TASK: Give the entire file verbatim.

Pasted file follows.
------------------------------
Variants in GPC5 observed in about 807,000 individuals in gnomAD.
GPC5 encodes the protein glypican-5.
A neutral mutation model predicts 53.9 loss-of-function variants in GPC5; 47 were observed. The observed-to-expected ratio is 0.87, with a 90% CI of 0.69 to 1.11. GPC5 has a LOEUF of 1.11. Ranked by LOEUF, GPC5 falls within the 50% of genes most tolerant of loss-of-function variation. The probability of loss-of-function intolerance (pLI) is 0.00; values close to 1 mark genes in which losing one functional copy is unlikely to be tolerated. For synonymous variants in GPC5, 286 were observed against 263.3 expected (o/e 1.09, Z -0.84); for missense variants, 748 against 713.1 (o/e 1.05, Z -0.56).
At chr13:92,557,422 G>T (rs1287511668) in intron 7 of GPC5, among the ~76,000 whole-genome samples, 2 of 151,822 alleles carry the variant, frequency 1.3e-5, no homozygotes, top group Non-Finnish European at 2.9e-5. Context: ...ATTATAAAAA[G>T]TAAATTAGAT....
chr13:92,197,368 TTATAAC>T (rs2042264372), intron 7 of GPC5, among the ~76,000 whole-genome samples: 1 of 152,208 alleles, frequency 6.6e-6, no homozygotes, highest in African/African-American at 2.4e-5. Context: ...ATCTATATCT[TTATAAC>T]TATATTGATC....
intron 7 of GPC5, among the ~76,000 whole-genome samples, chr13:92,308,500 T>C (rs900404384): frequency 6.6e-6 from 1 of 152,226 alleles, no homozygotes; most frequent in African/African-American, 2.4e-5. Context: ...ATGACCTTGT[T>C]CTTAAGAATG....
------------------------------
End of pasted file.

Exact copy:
Variants in GPC5 observed in about 807,000 individuals in gnomAD.
GPC5 encodes the protein glypican-5.
A neutral mutation model predicts 53.9 loss-of-function variants in GPC5; 47 were observed. The observed-to-expected ratio is 0.87, with a 90% CI of 0.69 to 1.11. GPC5 has a LOEUF of 1.11. Ranked by LOEUF, GPC5 falls within the 50% of genes most tolerant of loss-of-function variation. The probability of loss-of-function intolerance (pLI) is 0.00; values close to 1 mark genes in which losing one functional copy is unlikely to be tolerated. For synonymous variants in GPC5, 286 were observed against 263.3 expected (o/e 1.09, Z -0.84); for missense variants, 748 against 713.1 (o/e 1.05, Z -0.56).
At chr13:92,557,422 G>T (rs1287511668) in intron 7 of GPC5, among the ~76,000 whole-genome samples, 2 of 151,822 alleles carry the variant, frequency 1.3e-5, no homozygotes, top group Non-Finnish European at 2.9e-5. Context: ...ATTATAAAAA[G>T]TAAATTAGAT....
chr13:92,197,368 TTATAAC>T (rs2042264372), intron 7 of GPC5, among the ~76,000 whole-genome samples: 1 of 152,208 alleles, frequency 6.6e-6, no homozygotes, highest in African/African-American at 2.4e-5. Context: ...ATCTATATCT[TTATAAC>T]TATATTGATC....
intron 7 of GPC5, among the ~76,000 whole-genome samples, chr13:92,308,500 T>C (rs900404384): frequency 6.6e-6 from 1 of 152,226 alleles, no homozygotes; most frequent in African/African-American, 2.4e-5. Context: ...ATGACCTTGT[T>C]CTTAAGAATG....